Communication Arts alum publishes graphic novel, Twins

headshot of Shannon Wright wearing a black shirt and standing in front of a blue wall

In Twins, a new graphic novel for middle schoolers, sisters Maureen and Francine Carter navigate life in sixth grade. Francine—who now goes by Fran—is determined to separate from her sister in hopes of becoming her own person. Meanwhile, Maureen is content to keep everything the same and can’t understand her sister’s sudden change.

The novel was written by Varian Johnson and illustrated by Communication Arts alum Shannon Wright (BFA ’16), concluding a three-year process of scripting, sketching a 250-page book, inking, lettering, flatting, and coloring. Finally holding the book in her hands was surreal, Wright says, after chipping away at it for so long.

Wright also says the book was meaningful for a number of reasons, but particularly because the story features Black children and other children of color as main characters.

“[They’re] not just side characters to push the plot forward for their white counterparts,” Wright says. “We get to see kids of color exist in a story not solely focused on their suffering and how it pertains to society. It’s a love letter to Black kids, especially Black girls, and something I wish I had growing up and even more now as an adult.”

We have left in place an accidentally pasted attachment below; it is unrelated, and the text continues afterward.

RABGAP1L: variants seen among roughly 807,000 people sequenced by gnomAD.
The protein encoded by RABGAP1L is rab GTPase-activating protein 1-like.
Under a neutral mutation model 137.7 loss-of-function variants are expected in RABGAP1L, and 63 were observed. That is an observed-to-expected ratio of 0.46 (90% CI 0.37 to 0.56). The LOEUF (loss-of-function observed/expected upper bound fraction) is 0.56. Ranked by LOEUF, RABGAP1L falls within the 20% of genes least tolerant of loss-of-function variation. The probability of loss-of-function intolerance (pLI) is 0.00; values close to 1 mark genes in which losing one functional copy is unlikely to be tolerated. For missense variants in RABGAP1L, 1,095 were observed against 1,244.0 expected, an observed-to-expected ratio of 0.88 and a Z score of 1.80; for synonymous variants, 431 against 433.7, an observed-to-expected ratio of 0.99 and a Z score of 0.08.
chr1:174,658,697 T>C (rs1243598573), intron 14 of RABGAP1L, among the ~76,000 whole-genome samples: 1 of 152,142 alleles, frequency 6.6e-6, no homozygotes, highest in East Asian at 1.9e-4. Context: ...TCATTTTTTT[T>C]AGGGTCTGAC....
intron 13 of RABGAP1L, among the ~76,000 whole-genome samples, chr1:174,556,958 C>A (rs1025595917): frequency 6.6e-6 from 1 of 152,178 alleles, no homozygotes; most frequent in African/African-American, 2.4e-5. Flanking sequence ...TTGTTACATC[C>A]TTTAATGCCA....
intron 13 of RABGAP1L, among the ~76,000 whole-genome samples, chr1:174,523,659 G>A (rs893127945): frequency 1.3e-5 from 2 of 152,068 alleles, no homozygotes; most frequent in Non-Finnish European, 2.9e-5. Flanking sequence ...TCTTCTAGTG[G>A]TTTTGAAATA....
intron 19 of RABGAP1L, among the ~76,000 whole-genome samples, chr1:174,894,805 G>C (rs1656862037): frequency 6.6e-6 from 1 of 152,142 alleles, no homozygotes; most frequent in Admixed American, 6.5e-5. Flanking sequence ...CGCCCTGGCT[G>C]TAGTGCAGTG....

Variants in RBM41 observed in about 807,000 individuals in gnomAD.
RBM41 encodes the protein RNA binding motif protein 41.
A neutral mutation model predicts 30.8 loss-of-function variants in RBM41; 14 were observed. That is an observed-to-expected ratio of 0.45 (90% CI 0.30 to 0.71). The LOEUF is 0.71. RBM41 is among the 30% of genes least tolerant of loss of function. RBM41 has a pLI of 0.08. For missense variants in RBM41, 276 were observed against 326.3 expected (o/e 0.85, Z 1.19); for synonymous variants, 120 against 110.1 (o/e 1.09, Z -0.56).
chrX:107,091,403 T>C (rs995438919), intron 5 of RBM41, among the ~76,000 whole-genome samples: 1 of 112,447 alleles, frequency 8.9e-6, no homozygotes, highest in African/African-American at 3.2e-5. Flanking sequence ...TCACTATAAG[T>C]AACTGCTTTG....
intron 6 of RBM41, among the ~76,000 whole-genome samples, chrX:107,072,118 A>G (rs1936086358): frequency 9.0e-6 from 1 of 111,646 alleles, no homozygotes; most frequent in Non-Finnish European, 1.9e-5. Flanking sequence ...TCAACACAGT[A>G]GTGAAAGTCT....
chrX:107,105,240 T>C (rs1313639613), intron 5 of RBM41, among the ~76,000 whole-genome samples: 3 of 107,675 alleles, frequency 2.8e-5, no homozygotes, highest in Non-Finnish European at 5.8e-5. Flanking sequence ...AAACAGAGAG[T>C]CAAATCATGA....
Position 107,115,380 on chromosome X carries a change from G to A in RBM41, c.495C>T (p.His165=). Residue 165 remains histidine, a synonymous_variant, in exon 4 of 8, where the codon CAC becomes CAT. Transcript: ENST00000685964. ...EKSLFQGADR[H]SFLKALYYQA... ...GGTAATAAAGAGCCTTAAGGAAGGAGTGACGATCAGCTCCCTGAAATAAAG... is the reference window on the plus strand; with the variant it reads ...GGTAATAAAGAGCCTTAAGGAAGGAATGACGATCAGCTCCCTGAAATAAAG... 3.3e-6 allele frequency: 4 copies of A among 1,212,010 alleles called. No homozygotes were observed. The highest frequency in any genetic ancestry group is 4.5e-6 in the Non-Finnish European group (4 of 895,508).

Twins was just the latest example of Wright’s work featuring Black women in all of their complexities.

“I’m not Black first or a woman first; I am existing as both at all times,” she says. “My aim when I do decide to depict Black women is to show our humanity, our dimensionality. When it comes to addressing race and gender, and even sexuality in my work, it’s important not to strip those [I’m] depicting of those two things: humanity and dimensionality.”

The New York Times took notice of Wright’s representation of the characters in Twins. A review of the book noted the diverse skin tones and hair textures, as well as visual details that capture Black girlhood and the Carter family from hair bonnets and a wide-toothed comb on a dresser, to their mother’s variety of headwraps and headbands.

Twins also represents Wright’s aesthetic of bright colors—a feature that’s present in another recent project: the poster for the 2020 Richmond Folk Festival. The typically outdoor festival was held virtually this year, which influenced Wright’s approach.

“I had to figure out what a virtual festival might look like in a fun way,” Wright says. “What I ended up with was a performer isolated on stage with faces all around her, enjoying the festivities from behind their screens. And while the musician and audience members are separated, I wanted to create this sense that they’re still able to be together.”